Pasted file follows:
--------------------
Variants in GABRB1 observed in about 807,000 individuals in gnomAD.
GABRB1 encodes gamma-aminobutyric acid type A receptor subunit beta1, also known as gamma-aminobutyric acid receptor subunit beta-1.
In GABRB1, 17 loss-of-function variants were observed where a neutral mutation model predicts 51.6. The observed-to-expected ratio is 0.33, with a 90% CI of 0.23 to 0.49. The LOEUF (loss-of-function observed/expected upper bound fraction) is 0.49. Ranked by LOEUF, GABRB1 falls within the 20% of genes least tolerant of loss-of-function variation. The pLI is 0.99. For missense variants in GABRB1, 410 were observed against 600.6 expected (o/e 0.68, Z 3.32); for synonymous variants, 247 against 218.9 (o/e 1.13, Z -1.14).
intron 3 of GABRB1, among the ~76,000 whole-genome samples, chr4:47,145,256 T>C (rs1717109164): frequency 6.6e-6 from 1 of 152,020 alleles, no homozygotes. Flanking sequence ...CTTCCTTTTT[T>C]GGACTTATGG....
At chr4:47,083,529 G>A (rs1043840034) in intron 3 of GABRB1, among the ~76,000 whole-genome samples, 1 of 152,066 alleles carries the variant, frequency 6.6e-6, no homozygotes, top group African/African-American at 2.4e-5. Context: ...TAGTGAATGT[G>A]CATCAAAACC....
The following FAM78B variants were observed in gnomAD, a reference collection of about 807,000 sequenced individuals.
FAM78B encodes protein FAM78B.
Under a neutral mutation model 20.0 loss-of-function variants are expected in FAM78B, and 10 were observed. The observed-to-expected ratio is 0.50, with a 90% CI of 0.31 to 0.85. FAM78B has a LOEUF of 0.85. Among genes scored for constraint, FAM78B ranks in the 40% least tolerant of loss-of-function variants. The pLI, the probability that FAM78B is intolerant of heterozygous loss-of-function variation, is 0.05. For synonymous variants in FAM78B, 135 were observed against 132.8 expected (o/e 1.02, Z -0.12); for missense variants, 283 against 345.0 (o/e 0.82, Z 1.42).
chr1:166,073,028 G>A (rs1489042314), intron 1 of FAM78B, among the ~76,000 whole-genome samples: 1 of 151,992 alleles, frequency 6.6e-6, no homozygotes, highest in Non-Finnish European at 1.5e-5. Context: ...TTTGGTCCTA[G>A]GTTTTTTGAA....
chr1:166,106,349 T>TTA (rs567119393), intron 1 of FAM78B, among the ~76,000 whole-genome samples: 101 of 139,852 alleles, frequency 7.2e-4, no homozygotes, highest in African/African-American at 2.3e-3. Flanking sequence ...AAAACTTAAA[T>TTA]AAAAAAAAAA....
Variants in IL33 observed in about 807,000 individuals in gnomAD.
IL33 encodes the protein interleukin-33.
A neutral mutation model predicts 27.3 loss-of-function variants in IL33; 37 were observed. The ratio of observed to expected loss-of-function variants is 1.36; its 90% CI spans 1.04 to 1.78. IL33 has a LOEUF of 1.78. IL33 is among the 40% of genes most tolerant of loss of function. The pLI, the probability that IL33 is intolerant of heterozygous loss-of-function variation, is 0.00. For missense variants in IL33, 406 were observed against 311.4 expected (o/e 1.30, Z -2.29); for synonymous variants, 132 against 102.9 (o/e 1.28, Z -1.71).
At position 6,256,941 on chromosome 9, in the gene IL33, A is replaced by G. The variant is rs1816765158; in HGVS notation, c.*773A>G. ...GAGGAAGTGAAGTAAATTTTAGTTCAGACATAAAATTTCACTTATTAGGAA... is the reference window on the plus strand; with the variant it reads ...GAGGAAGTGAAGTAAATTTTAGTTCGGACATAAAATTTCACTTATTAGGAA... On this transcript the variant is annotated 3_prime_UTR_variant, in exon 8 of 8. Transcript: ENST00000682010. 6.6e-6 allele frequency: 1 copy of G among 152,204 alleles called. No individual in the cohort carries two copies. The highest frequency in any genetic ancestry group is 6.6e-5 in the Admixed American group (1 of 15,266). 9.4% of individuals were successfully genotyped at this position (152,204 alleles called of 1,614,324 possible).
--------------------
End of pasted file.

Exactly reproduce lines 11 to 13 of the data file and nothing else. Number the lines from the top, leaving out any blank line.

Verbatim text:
Variants in IL33 observed in about 807,000 individuals in gnomAD.
IL33 encodes the protein interleukin-33.
A neutral mutation model predicts 27.3 loss-of-function variants in IL33; 37 were observed. The ratio of observed to expected loss-of-function variants is 1.36; its 90% CI spans 1.04 to 1.78. IL33 has a LOEUF of 1.78. IL33 is among the 40% of genes most tolerant of loss of function. The pLI, the probability that IL33 is intolerant of heterozygous loss-of-function variation, is 0.00. For missense variants in IL33, 406 were observed against 311.4 expected (o/e 1.30, Z -2.29); for synonymous variants, 132 against 102.9 (o/e 1.28, Z -1.71).